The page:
SAN FRANCISCO – WhatsApp on Wednesday sued the Indian government for striking what they say are repressive new internet rules requiring it to make people’s messages “traceable” to outside parties for the first time.
The lawsuit, which WhatsApp filed in the Supreme Court in Delhi, seeks to reverse the enforceability of the rules issued by the government this year. WhatsApp, a service sent by Facebook encrypted messages, claimed in its case that the rules that would take effect on Wednesday were unconstitutional.
The lawsuit against India’s government is a very unusual move by WhatsApp, which has rarely worked with national governments in court. The service said the detection of its messages ‘would seriously undermine the privacy of billions of people who communicate digitally’ and could jeopardize its security.
“Civil society and technical experts around the world have consistently argued that a requirement to ‘detect’ private messages will violate end-to-end encryption and actually abuse it,” a WhatsApp spokesman said. committed to protecting the privacy of people’s personal messages, and we will continue to do everything in India’s laws to do so. “
The case is part of an extensive battle between the largest technology companies and governments around the world over which of them has the upper hand. Australia and the European Union have drafted or enacted laws to limit the power of Google, Facebook and other companies over online speech, while other countries try to curb the services of the companies to stifle contradiction and squash protests. China recently warned some of its largest Internet companies against using anti-competitive practices.
In India, Prime Minister Narendra Modi and his ruling Bharatiya Janata party have been working for several years to correct the power of technology ventures and tighten policing what is said online. In 2019, the government proposed giving itself huge new powers to suppress internet content, sparking a fierce battle with the companies.
The rules that WhatsApp is objecting to were proposed in February by Ravi Shankar Prasad, India’s Minister of Legislation and Information Technology. Under the rules, the government may require tech companies to take down posts on social media that they consider illegal. WhatsApp, Signal and other messaging companies will also be expected to create ‘traceable’ databases of all messages sent with the service, while you can identify ‘fingerprints’ to private messages sent between users.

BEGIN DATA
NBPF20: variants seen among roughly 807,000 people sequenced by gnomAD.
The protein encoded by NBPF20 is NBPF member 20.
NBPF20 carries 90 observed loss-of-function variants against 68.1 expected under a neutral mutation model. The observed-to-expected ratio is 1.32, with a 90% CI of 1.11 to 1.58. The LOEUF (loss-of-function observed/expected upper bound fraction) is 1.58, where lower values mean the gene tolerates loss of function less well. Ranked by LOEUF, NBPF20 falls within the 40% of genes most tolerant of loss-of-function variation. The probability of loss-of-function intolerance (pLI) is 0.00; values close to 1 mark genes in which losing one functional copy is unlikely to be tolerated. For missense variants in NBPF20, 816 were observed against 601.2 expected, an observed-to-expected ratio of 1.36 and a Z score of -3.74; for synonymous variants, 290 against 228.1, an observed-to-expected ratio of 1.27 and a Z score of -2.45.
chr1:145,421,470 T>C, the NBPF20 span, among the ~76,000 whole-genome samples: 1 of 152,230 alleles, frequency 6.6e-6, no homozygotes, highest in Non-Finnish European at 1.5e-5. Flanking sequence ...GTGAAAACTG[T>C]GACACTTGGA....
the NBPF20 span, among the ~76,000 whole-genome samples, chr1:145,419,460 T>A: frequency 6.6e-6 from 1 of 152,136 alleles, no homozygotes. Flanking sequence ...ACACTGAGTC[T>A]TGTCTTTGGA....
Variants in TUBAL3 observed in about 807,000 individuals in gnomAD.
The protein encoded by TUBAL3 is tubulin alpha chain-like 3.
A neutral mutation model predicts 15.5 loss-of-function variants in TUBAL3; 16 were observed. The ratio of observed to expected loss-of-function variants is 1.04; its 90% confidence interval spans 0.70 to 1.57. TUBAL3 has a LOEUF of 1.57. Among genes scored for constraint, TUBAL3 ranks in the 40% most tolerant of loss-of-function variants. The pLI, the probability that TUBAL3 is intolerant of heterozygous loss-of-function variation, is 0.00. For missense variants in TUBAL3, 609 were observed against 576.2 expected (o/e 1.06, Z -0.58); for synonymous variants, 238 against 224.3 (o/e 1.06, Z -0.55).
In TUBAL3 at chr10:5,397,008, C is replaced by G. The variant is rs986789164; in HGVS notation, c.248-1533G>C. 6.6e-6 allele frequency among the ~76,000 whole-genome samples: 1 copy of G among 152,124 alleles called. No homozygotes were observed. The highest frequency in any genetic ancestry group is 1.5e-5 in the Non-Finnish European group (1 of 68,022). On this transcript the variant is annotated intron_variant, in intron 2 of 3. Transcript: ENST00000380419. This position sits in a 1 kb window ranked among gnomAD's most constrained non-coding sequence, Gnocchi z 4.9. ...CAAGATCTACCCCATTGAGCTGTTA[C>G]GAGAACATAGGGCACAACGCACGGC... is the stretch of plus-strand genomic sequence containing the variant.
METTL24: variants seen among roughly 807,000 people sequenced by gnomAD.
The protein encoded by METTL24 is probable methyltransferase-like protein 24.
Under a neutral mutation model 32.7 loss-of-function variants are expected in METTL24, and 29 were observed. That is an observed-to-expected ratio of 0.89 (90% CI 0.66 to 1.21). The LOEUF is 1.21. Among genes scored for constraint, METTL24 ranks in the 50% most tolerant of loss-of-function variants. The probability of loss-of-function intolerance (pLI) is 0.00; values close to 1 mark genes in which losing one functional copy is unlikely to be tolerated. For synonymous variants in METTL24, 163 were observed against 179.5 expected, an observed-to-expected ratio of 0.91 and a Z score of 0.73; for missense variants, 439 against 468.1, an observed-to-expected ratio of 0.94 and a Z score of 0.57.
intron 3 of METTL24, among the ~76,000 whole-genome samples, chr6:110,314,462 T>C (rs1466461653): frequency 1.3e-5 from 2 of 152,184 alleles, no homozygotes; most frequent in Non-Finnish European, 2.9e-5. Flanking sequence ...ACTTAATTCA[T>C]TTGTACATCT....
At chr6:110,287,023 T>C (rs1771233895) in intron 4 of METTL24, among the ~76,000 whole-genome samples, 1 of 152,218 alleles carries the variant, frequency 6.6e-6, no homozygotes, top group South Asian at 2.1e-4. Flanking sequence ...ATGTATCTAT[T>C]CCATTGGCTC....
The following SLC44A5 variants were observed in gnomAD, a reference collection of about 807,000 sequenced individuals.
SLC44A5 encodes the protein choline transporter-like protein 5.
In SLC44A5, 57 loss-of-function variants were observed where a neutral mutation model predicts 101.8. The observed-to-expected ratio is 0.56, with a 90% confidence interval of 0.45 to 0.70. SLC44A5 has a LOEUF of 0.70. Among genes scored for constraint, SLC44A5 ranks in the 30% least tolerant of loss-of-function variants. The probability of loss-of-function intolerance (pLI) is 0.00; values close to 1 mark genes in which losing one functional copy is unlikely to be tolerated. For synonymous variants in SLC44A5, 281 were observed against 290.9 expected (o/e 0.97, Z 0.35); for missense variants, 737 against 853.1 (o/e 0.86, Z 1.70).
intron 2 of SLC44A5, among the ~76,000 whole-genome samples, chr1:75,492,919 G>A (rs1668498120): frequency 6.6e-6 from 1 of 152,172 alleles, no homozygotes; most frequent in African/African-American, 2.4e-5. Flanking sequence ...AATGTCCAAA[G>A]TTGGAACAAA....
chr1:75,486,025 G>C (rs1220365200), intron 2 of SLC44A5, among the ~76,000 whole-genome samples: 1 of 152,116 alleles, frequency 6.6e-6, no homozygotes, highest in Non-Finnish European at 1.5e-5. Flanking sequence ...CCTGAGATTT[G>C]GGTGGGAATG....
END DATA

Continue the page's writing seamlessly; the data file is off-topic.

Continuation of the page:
WhatsApp has long claimed that it has no insight into user data and has said that it does not store messages sent between users. This is because the service is end-to-end encrypted, allowing two or more users to communicate securely and privately without giving others access to the messages.
More than a billion people rely on WhatsApp to communicate with friends, family and businesses around the world. Many users are in India.
Critics have said the new rules are being used to silence government opponents. Last month, Facebook, Instagram and Twitter were ordered to take down dozens of social media posts that are critical of Mr. Modi’s government and its response to the coronavirus pandemic, which has plagued the country. Government officials said the posts should be removed as it could cause panic and hamper the response to the pandemic.
The social media companies complied with many of the requests by making the posts invisible in India, although it was still visible to people outside the country. In the past, Twitter and Facebook have posted content after finding that it does not violate the law.
Tensions between technology companies and the Indian government escalated this week as police descended on Twitter offices in New Delhi to challenge labels affixed to certain tweets from senior members of the government. While Twitter’s offices were empty, the visit symbolized the increasing pressure on social media companies to curb their speech as criticism of the ruling party.
Facebook and WhatsApp have long maintained working relationships with the authorities in dozens of countries, including India. Usually, WhatsApp said it would respond to legitimate requests for information and has a team that helps law enforcement officers deal with emergencies that are threatening.
Rarely has WhatsApp pushed back. The service has been shut down many times in Brazil after the company resisted requests for government data from the government. And it caught on with U.S. officials trying to install “backdoors” in encrypted messaging services to monitor for criminal activity.
But WhatsApp argued that the technology would not work if it wanted to apply India’s new “traceability rules”. Such a practice is ‘ineffective and very susceptible to abuse’, the company said.
Other tech companies and digital rights groups such as Mozilla and the Electronic Frontier Foundation said this week that they support WhatsApp’s fight against ‘traceability’.
“The threat that anything anyone writes can be taken back takes away people’s privacy and will have an icy effect on what people say even in private, and it violates universally recognized principles of free expression and human rights,” WhatsApp said. said.